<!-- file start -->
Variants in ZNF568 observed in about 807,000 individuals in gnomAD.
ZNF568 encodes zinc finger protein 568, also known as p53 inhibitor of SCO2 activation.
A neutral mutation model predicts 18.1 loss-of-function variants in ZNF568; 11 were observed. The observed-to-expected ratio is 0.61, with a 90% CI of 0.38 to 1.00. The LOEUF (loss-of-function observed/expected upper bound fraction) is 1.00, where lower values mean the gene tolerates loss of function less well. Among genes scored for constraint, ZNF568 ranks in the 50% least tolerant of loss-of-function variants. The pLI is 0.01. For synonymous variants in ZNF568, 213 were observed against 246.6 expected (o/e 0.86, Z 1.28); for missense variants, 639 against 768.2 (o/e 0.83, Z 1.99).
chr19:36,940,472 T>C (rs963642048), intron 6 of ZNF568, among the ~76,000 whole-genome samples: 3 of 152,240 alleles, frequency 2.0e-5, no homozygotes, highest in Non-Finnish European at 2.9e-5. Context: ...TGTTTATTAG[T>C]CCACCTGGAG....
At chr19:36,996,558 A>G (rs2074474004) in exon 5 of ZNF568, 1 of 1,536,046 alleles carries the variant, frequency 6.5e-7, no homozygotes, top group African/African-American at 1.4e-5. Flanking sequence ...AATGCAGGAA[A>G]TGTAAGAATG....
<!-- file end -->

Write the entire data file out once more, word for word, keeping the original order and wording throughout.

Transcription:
Variants in ZNF568 observed in about 807,000 individuals in gnomAD.
ZNF568 encodes zinc finger protein 568, also known as p53 inhibitor of SCO2 activation.
A neutral mutation model predicts 18.1 loss-of-function variants in ZNF568; 11 were observed. The observed-to-expected ratio is 0.61, with a 90% CI of 0.38 to 1.00. The LOEUF (loss-of-function observed/expected upper bound fraction) is 1.00, where lower values mean the gene tolerates loss of function less well. Among genes scored for constraint, ZNF568 ranks in the 50% least tolerant of loss-of-function variants. The pLI is 0.01. For synonymous variants in ZNF568, 213 were observed against 246.6 expected (o/e 0.86, Z 1.28); for missense variants, 639 against 768.2 (o/e 0.83, Z 1.99).
chr19:36,940,472 T>C (rs963642048), intron 6 of ZNF568, among the ~76,000 whole-genome samples: 3 of 152,240 alleles, frequency 2.0e-5, no homozygotes, highest in Non-Finnish European at 2.9e-5. Context: ...TGTTTATTAG[T>C]CCACCTGGAG....
At chr19:36,996,558 A>G (rs2074474004) in exon 5 of ZNF568, 1 of 1,536,046 alleles carries the variant, frequency 6.5e-7, no homozygotes, top group African/African-American at 1.4e-5. Flanking sequence ...AATGCAGGAA[A>G]TGTAAGAATG....